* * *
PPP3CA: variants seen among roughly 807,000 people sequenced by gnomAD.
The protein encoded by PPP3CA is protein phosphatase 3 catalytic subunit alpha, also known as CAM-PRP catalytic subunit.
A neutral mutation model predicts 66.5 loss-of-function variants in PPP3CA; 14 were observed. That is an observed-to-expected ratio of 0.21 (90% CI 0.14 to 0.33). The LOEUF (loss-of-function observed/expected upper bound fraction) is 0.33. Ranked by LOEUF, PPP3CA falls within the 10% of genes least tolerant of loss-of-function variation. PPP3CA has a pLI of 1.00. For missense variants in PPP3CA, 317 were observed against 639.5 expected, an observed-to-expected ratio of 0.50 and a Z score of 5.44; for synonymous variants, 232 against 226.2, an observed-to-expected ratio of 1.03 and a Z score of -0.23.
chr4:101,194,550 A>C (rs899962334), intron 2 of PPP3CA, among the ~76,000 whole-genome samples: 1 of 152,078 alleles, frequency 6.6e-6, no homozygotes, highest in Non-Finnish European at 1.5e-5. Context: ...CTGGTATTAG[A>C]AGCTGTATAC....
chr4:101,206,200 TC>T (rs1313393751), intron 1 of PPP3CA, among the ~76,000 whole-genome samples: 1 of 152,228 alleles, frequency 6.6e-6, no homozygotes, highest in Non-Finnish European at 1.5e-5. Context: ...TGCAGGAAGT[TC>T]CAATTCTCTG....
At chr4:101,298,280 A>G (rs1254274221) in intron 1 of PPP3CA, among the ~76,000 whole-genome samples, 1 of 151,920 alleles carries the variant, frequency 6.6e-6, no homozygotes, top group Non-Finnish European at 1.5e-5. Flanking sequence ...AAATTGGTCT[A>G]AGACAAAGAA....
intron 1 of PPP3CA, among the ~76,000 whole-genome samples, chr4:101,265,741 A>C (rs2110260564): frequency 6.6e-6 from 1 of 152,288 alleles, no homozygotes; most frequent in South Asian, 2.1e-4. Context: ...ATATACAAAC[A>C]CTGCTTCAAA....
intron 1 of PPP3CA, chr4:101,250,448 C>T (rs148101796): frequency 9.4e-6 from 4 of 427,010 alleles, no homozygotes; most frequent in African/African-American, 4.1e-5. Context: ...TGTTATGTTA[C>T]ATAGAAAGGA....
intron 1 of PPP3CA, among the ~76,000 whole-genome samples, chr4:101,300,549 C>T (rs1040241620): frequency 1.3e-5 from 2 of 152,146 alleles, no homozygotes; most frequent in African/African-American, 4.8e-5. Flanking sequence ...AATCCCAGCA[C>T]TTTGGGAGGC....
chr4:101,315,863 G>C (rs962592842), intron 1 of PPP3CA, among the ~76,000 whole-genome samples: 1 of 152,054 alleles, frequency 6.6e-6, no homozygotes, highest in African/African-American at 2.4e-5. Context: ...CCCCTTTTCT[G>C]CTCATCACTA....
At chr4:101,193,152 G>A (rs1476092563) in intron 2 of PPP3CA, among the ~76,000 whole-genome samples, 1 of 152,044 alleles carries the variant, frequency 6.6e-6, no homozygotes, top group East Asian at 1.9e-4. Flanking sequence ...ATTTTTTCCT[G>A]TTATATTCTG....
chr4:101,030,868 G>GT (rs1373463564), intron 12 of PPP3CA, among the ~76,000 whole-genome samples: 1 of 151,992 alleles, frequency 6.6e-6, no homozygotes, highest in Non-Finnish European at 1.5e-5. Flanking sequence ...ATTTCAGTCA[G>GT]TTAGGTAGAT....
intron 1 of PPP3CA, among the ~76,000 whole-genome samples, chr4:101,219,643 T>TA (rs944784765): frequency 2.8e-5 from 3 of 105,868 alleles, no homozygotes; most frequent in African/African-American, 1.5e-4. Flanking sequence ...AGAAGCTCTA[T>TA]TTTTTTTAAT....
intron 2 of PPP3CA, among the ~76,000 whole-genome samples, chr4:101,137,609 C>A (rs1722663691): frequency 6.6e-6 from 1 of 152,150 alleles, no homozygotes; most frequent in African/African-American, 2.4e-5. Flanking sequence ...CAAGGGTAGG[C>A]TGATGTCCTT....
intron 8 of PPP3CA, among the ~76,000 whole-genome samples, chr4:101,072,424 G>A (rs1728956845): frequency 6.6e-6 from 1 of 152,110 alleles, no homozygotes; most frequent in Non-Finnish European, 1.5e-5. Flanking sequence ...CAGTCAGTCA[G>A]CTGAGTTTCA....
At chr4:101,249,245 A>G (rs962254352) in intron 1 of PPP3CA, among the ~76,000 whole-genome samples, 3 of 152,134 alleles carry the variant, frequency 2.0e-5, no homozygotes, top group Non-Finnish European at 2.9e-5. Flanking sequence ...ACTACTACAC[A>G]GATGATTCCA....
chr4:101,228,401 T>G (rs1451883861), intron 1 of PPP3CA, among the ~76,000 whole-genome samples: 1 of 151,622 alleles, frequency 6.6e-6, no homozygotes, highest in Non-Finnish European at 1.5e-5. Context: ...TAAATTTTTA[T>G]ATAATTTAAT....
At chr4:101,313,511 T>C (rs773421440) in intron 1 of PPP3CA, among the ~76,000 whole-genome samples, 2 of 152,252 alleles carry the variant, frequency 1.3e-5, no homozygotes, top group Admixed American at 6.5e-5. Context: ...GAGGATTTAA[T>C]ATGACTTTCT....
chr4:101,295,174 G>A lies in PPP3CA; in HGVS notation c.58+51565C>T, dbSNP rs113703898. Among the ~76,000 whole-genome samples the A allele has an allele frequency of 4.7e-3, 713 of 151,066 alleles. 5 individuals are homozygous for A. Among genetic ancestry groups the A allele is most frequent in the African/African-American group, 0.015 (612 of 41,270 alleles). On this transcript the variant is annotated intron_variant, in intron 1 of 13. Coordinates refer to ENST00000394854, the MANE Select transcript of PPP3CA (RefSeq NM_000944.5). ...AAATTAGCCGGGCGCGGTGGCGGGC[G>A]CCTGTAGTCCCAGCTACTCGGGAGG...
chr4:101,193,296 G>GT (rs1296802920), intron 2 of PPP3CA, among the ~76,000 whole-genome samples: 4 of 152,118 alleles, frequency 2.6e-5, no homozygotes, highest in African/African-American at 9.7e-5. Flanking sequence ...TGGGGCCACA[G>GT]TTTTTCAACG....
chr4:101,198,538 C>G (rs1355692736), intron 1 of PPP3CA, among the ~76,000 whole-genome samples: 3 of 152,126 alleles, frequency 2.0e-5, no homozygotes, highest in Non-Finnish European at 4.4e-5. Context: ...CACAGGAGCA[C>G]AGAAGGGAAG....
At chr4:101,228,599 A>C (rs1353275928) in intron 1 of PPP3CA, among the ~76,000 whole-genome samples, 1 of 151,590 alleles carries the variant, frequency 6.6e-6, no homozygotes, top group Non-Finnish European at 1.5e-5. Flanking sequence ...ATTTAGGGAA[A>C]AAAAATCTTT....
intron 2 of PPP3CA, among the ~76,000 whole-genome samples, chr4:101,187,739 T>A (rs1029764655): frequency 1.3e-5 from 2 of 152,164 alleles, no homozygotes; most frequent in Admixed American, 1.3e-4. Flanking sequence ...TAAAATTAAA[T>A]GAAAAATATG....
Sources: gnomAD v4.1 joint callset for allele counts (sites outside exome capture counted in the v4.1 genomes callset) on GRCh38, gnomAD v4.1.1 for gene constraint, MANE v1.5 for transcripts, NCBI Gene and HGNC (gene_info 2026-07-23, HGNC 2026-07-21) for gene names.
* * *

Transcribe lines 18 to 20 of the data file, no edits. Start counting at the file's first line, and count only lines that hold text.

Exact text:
At chr4:101,313,511 T>C (rs773421440) in intron 1 of PPP3CA, among the ~76,000 whole-genome samples, 2 of 152,252 alleles carry the variant, frequency 1.3e-5, no homozygotes, top group Admixed American at 6.5e-5. Context: ...GAGGATTTAA[T>C]ATGACTTTCT....
chr4:101,295,174 G>A lies in PPP3CA; in HGVS notation c.58+51565C>T, dbSNP rs113703898. Among the ~76,000 whole-genome samples the A allele has an allele frequency of 4.7e-3, 713 of 151,066 alleles. 5 individuals are homozygous for A. Among genetic ancestry groups the A allele is most frequent in the African/African-American group, 0.015 (612 of 41,270 alleles). On this transcript the variant is annotated intron_variant, in intron 1 of 13. Coordinates refer to ENST00000394854, the MANE Select transcript of PPP3CA (RefSeq NM_000944.5). ...AAATTAGCCGGGCGCGGTGGCGGGC[G>A]CCTGTAGTCCCAGCTACTCGGGAGG...
chr4:101,193,296 G>GT (rs1296802920), intron 2 of PPP3CA, among the ~76,000 whole-genome samples: 4 of 152,118 alleles, frequency 2.6e-5, no homozygotes, highest in African/African-American at 9.7e-5. Flanking sequence ...TGGGGCCACA[G>GT]TTTTTCAACG....